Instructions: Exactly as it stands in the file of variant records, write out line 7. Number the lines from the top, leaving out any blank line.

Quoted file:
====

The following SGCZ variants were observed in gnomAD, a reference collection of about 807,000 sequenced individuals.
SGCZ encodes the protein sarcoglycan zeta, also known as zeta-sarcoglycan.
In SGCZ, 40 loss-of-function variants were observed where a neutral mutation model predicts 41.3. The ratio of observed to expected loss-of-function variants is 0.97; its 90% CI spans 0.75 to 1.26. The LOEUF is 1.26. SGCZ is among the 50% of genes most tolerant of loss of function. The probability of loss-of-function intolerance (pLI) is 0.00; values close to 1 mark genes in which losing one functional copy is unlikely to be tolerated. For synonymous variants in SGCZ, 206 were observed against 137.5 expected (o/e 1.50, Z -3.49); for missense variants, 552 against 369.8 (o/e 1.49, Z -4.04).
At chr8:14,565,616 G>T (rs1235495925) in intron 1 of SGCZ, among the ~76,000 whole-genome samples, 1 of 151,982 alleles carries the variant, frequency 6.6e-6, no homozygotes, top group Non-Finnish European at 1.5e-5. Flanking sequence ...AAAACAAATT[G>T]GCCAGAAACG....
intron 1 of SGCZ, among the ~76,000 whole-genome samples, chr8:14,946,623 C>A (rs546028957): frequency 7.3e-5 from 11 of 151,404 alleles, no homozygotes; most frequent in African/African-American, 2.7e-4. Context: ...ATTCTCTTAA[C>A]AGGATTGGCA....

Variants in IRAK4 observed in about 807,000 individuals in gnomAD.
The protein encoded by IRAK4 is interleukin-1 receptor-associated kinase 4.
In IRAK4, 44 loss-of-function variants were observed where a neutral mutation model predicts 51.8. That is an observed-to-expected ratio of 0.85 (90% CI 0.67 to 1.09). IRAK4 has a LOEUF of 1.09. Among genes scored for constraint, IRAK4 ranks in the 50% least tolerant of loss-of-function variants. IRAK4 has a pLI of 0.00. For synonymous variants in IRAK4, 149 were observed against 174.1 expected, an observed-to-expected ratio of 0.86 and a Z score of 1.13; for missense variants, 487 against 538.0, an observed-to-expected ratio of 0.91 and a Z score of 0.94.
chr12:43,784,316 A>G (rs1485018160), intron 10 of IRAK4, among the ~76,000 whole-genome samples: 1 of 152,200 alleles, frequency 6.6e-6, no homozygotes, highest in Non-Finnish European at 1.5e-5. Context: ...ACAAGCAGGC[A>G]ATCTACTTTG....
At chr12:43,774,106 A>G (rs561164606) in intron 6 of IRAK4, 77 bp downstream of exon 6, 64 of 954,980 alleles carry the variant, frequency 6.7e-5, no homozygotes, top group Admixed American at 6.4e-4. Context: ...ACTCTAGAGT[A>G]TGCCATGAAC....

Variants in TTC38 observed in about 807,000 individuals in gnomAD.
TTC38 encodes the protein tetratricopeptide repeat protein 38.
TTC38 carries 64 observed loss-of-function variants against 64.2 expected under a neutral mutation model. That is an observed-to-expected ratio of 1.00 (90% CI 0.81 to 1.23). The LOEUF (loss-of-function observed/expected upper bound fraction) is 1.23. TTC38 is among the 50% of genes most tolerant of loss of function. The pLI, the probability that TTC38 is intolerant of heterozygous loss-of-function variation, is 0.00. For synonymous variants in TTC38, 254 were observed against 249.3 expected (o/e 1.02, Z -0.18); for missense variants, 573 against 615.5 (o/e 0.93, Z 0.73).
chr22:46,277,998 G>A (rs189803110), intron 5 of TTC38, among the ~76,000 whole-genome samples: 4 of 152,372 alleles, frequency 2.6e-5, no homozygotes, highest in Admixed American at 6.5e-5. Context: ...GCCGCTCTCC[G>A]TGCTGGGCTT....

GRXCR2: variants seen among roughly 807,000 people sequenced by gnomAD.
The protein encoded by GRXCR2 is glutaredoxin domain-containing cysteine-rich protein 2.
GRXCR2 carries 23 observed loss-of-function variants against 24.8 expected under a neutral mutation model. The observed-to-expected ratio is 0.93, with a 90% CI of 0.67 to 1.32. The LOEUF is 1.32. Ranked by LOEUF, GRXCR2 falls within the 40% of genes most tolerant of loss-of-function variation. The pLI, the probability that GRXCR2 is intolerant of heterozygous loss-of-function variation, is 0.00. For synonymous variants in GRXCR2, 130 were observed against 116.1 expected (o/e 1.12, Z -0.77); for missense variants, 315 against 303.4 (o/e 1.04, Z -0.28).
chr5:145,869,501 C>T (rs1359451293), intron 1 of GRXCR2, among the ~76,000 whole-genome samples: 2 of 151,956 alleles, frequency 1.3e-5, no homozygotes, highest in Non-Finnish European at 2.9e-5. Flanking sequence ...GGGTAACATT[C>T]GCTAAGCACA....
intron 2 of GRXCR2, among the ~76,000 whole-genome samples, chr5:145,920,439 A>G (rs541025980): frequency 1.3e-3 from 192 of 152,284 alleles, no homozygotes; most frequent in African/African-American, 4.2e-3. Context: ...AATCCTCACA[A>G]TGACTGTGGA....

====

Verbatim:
The protein encoded by IRAK4 is interleukin-1 receptor-associated kinase 4.